Originated in the 16th-century, the Calcio Storico Fiorentino is a combination of soccer, rugby and wrestling, and played in the original historical costume. Four teams of the historical Florentine neighborhoods of the city play against each other, first in two semi-finals and then the final match to determine the winner in this annual brutal spectacle.
The event takes place at Piazza Santa Croce. To recreate the setting of the original competitions, the square is covered in dirt, as it was in the 16th century, and players rumble while spectators go wild.
Visit the Calcio Storico official website for more information.
Festa della Madonna Bruna – Matera
The history of Festa della Madonna Bruna dates back to 1389. Today, tens of thousands of locals and tourists take over the streets of Matera for a week of celebrations with lights, outdoor markets, live music, and processions. Events climax with a pagan-style rite of destruction, before a valedictory firework display.
The main event on July 2nd is long-awaited and more exciting than the Christmas holiday to local revelers.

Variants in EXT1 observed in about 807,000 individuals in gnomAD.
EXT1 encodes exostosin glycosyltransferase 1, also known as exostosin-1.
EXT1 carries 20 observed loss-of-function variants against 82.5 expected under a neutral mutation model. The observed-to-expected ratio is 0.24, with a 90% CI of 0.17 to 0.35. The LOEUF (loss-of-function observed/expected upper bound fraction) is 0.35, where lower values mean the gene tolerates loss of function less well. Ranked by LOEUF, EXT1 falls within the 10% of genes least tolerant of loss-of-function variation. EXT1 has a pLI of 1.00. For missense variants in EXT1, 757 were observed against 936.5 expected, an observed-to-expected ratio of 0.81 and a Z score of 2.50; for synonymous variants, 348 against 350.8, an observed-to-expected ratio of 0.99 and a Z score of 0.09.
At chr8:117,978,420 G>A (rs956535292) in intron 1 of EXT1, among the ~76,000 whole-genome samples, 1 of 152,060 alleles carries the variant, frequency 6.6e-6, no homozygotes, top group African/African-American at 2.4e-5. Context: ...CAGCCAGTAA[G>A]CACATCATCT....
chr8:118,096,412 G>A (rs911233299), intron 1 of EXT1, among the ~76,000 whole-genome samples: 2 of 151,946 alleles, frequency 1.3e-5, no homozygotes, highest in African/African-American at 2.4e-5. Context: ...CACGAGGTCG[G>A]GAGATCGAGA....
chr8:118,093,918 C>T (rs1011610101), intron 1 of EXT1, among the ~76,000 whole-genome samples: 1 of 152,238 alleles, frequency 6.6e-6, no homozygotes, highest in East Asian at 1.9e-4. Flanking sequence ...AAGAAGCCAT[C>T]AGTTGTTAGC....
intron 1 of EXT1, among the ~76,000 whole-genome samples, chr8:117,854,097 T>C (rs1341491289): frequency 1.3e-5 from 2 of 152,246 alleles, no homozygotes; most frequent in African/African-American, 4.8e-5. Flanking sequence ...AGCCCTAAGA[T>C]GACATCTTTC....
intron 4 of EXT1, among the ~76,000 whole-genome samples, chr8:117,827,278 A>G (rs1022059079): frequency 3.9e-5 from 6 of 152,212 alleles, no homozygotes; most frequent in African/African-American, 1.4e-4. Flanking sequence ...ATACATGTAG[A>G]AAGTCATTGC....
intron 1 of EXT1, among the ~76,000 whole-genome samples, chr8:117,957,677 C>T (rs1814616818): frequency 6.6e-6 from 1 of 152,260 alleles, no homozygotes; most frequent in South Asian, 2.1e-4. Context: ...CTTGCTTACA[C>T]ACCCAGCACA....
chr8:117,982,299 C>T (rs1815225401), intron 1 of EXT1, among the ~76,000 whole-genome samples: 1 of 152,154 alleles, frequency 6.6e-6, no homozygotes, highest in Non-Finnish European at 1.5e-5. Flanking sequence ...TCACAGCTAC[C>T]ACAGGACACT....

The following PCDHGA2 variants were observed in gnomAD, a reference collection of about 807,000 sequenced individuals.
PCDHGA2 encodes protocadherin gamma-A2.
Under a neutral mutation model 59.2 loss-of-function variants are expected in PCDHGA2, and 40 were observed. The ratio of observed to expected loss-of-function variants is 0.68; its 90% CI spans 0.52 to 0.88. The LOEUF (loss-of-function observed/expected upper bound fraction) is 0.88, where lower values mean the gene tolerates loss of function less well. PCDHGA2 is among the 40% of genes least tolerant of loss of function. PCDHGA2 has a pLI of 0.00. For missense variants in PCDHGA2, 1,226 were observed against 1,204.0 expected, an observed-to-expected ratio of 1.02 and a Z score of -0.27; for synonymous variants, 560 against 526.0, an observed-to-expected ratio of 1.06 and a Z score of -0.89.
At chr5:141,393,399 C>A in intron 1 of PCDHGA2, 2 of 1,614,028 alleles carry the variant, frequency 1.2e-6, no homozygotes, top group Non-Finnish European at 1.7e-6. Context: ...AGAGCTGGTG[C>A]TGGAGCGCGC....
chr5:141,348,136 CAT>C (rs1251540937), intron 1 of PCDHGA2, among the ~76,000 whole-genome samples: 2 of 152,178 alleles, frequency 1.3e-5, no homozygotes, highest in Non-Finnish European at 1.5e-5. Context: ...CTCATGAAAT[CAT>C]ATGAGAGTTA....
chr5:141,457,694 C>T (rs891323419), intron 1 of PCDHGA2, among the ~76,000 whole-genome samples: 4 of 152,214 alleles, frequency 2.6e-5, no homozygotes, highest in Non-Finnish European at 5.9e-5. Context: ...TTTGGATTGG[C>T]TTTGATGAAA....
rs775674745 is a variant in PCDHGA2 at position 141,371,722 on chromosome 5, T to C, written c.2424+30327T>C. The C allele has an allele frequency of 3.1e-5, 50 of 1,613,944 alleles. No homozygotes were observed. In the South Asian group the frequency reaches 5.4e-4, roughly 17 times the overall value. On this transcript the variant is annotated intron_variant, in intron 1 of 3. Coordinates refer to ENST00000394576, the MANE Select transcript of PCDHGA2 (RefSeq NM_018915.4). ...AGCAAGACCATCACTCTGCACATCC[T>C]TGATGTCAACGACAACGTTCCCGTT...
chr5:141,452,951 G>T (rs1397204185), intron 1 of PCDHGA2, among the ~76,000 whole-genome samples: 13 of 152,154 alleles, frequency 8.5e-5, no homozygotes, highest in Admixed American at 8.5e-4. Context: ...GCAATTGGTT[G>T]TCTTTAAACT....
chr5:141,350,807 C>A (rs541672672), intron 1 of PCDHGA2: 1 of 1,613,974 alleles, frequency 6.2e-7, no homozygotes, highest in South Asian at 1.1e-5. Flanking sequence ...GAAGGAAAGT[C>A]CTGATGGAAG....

All of this takes place under the beautiful backdrop of Matera, a UNESCO Heritage City and the 2019 European Cultural Capital.
Visit the Festa della Madonna Bruna official website for more information.
Umbria Jazz Festival – Perugia
The Umbria Jazz festival has been running since 1973 and this week-long event has become the most influential jazz festival in Italy.
The festival is more than just jazz and you will find something for all tastes and all ages. The biggest names perform at the impressive Santa Giuliana Arena, whereas the more orthodox jazz can be heard in he Morlacchi Theater. Several local restaurants host musical aperitivi, lunches and dinners. Along with the paid events, there are free outdoor musical concerts in Piazza IV Novembre and at the Giardini Carducci.
Visit the Umbria Jazz Festival official website for more information.
Festa del Teatro Greco – Syracuse
Each year, the Festa del Teatro Greco runs from May to July in the original theater where you can view live performances of Greek plays (in Italian) at the Teatro Greco, attracting Italy’s finest performers.